“Democracy under attack”

Yes yes yes.  The NZ Herald takes they very rare but in this case necessary step of a front page editorial against the Electoral Finance Bill.

Audrey Young reports that the Government is moving to explicitly exempt Government advertising campaigns from the Electoral Finance Bill, even if their messages are such they would normally be covered.  This comes on top of exempting any expenditure from parliamentary budgets.

The front page editorial is here. It’s all very good, but some extracts:

When is the Government going to get this message: democracy is not a device to keep the Labour Party in power.

The Human Rights Commission has described the restrictions on election activity as a “dramatic assault” on fundamental rights which “undermines the legitimacy of political processes”.

The Law Society says the bill would “make participation in our parliamentary democracy an arduous and perhaps even legally dangerous undertaking for ordinary New Zealanders”.

In the face of near-universal condemnation, the bill should have been withdrawn. Instead it will be tweaked to dilute some of its worst features. But the attempt to restrict non-party participation in election discussion will remain.

Labour seems determined to use the time it has left to skew electoral laws in its favour.

Not only does it mean to make election debate the preserve of political parties, it has introduced this month a second electoral outrage – a bill to extend the law legalising the use of public money for political purposes that were ruled improper by the Auditor General after the last election.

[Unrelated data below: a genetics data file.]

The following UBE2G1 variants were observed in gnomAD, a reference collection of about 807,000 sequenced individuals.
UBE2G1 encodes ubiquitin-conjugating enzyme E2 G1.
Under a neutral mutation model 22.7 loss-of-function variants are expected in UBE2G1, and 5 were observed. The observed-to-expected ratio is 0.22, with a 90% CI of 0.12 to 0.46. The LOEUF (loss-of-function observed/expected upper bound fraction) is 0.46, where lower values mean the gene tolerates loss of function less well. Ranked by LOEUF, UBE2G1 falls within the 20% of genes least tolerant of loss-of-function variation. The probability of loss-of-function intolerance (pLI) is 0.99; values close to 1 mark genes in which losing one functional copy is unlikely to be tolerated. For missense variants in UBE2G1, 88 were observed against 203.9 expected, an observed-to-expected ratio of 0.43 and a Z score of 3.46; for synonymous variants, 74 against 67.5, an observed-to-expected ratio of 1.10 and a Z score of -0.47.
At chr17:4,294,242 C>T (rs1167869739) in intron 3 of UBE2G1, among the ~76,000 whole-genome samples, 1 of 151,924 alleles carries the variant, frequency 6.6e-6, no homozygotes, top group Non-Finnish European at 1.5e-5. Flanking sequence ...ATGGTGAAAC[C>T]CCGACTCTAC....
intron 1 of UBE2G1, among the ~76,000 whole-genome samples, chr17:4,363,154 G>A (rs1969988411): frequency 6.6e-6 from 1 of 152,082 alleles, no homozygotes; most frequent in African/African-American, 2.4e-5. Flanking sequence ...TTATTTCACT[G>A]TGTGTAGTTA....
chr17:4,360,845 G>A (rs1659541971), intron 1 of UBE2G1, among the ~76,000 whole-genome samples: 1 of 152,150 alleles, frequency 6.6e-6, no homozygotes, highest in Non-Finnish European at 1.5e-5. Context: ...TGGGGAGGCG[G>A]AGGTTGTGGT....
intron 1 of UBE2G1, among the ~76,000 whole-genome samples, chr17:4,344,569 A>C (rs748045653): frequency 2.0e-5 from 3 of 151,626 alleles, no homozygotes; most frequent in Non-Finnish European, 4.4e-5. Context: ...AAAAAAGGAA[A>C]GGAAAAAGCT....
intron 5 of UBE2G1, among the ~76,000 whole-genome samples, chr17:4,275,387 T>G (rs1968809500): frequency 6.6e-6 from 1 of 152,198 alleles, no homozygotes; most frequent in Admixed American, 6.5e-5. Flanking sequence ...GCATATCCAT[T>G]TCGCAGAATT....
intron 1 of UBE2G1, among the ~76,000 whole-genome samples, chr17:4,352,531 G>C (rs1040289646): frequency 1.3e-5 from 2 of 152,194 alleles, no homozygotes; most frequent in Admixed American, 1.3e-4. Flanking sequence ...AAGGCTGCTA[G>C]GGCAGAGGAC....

The Clark Government’s refusal to bow to public opinion on this subject beggars belief. It was staggering enough last year that Helen Clark and her lieutenants could not understand why nobody else regarded their electoral pledge card as innocent information.

Now, having grudgingly repaid the public purse, they are hell-bent on giving themselves the right to raid it again.

If these bills become law, politics will be largely confined to registered parties, and they will have to be able to use parliamentary funds for election campaigns.

Both measures are designed to favour the party that has devised them. Labour fears independent campaigns by the likes of the Exclusive Brethren much more than National fears the efforts of the PPTA or the Council of Trade Unions. And Labour believes it needs public money to balance covert contributions to the National Party.

Parties have different advantages. If National has more well-heeled donors, Labour probably has the more committed and articulate foot soldiers.

National’s supposed advantages were of less urgent concern to Labour when it was polling well. Now in desperation it wants to screw the scrum. It has succumbed to the old conceit of the Left that the interests of the people are identical with its own.

The interests of any healthy democracy lie in unrestricted debate, not laws that favour incumbents with public finance and suppression of free speech.

If these bills pass, they will be Labour’s epitaph.

Indeed that is the challenge.  One can not stop the bills, but one can punish Labour (and allies) for passing them by reminding people of them time and time again right up until election day.

But what a superb editorial, and well done to the NZ Herald for making it front page.  These bills do matter, they do fundamentally skew our democratic framework.  They are the sort of laws, which if passed overseas, we would condemn.

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